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overall: 7
RP50 Reviewed by: rangeriggy, on november 27, 2006
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Price paid: $ 80

Purchased from: amazon.com

Ease of Use: Not too bad to use. The DigiTech website has user posted settings for getting some good sounds out of it. You won't sound exactly like 'Zack Wylde' or 'Jimi Hendrix fuzz' (just a few of the sounds) but you can get close. The unit takes some fooling around to get the full useage, and the controls are not immediately intuitive. // 8

Sound: Guitars are a crappy 20 buck eBay special (Ibanez RG copy on the body, but nothing else like Ibanez)with a SSH config and a Fender MIM strat with S/S/S config. The "pickup modelers" do a decent job of pulling hum out of the strat's single coils, without muddying up the sound. The amp modeling is decent too. I use a small Marshall practice amp to jam with just me and my internal 'backing tracks' and I can achieve tones from hard crunch to freeeaky psychadelic (phaser and reverb, too cool with jazz chord progressions). If I had a favorite artist, I would probably be able to get his (or her) sound approximated. // 8

Reliability & Durability: Made of plastic. When I'm pretending to be Tom Morello ('specially when Bulls on Parade is rockin') I'd better not jump on it. Too much crunch. But, should hold up to a beginner/intermediate or garage band Status. If you gig, then get serious and get gear made for the stage. // 5

Overall Impression: As for style, I'll play anything once. It is versitile enough to grab most popular sounds, and maybe even hash out one of your own. I picked the guitar back up about a year ago after a long haitus. I've had BLS, Seether, Segovia, Vivaldi, Disturbed and Slayer in the CD player this week, and I try to play them all. For the price, hey, get the thing. It won't stand up to rough treatment, so play nice. // 7

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overall: 7.8
RP50 Reviewed by: epicold, on february 05, 2007
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Price paid: $ 100

Ease of Use: You can get an array of easy to use/premade, and editable effect. Easy settings toggles, You can practically adjust any effect to you preferance. There are alot of setting to go through, so finding the right combo will litrally take you threw hundreds of combinations. As for hard to understand codings like "H1," they are all coded and explained in the manual that it comes with. The amp presets are also very nice. // 9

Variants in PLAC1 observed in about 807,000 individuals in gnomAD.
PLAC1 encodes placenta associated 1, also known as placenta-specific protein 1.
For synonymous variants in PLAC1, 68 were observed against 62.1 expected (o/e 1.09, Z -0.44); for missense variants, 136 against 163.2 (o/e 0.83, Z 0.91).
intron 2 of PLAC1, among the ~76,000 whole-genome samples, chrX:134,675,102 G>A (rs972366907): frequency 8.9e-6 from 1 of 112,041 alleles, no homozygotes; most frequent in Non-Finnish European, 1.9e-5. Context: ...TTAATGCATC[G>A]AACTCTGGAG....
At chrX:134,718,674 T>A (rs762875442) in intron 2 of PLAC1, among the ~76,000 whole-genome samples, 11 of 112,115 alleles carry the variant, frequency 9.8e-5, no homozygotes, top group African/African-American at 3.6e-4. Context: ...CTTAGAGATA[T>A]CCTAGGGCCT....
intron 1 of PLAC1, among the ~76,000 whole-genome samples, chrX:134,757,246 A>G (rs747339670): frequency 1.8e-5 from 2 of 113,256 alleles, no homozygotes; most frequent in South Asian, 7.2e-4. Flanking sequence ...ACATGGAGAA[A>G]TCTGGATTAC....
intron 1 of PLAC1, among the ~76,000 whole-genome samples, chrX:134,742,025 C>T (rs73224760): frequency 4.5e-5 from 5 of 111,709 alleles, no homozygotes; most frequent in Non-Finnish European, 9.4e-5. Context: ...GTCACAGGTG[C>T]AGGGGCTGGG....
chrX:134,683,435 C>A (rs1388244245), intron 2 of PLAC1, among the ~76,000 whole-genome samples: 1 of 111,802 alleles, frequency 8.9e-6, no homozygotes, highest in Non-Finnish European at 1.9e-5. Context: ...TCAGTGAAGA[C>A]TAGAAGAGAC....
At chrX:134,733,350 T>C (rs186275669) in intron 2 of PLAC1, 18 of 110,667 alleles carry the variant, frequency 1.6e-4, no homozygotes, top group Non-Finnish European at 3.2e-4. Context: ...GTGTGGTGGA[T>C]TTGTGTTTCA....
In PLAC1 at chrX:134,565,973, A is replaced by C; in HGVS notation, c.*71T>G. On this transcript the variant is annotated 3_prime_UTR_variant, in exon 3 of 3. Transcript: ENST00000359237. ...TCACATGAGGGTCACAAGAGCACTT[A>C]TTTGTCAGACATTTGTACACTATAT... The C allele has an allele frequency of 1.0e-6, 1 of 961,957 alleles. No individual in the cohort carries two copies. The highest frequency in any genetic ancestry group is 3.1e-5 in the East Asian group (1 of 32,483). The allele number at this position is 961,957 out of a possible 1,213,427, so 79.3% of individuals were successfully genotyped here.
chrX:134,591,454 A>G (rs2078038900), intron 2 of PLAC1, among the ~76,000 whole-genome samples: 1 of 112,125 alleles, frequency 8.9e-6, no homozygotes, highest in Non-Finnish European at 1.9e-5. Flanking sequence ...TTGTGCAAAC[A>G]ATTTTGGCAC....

Sound: I use this pedal along with my Epiphone Les Paul Standard, and a Fender Stage112SE amp. The chourus settions and delays are an amazing combo. But there is a major flaw for some hardcore metal dist, there's isnt much of a crunch going on despite many trys at trying to get a decent dist. out it, since I have a DigiTech Death Metal pedal, I guess I can let this slide. But the Overdrive settings are great for the old rockness you want. for example AC/DC type Overdrive. I love the preset volume options, where you can have one quieter channel than the other. It's a fun feature. // 9

Reliability & Durability: But like as seen with most DigiTech RP series, the pedals are not reliable at all, I would've choosen to gone with a more durable stomp set-up. If you hit it too hard, you might bend off the switch from the circut board. The overal design of the RP series doesnt't impress me one bit. compared to thier other pedals like the deathmetal and such, this combo of plastic and alumininum is really reliable. I'd definatly bring a back up system, // 5

Overall Impression: I play stuff a lot of different types of music that deal with clean and distorion. so I like the multiple effects that suits my needs. I've been playn for a little over 10 years now and I like the various effect this pedal (amoung with all the other RP models) has to offer, a lot of effects at a cheap price. To get my puchy dist that I want, I've mentioned my DigiTech Death Metal Pedal. I also have a Boss Super Chorus and an Ibenez SmashBox. I've compared this to the Zoom type pedals but this one is far more versitile and better lets you adjust your setting to a speficic sound you want. // 8

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overall: 8.5
RP50 Reviewed by: BGSM, on june 28, 2007
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Price paid: $ 46.36

Purchased from: eBay

Ease of Use: A few people have said that it's hard to program, but I disagree. It can be touchy at times (due to the small buttons, etc.), but I think it's easy to write and put in other peoples patches. The manual is easy to understand, and if you've got a 'guitar tech' background, you'll get everything straight away. You can of course get awful sounds from it, but in about 2 minutes you can create an original, great sound! // 9

Sound: I am using a Vintage Samick Flash, with decent headphones (if not, a small 15w Silvertone amp). The sound I get on headphones (and recording onto a computer) is clean and crisp, and sounds great. On a good quality amp, an RP50 would sound great. Targeting a particular sound can take a bit of work, so don't expect to be able to sound exactly like Tom Morello or Joe Satriani straight away. All the effects sound good, but leave you wanting a bit more. I didn't use an expression pedal with mine, but controlling the Wah and other effects would be great. One problem that I do have is switching effects. Although 0.5 of a minute doesn't seem like much, it could ruin a gig switching between patches and hearing awful guitar silence. // 8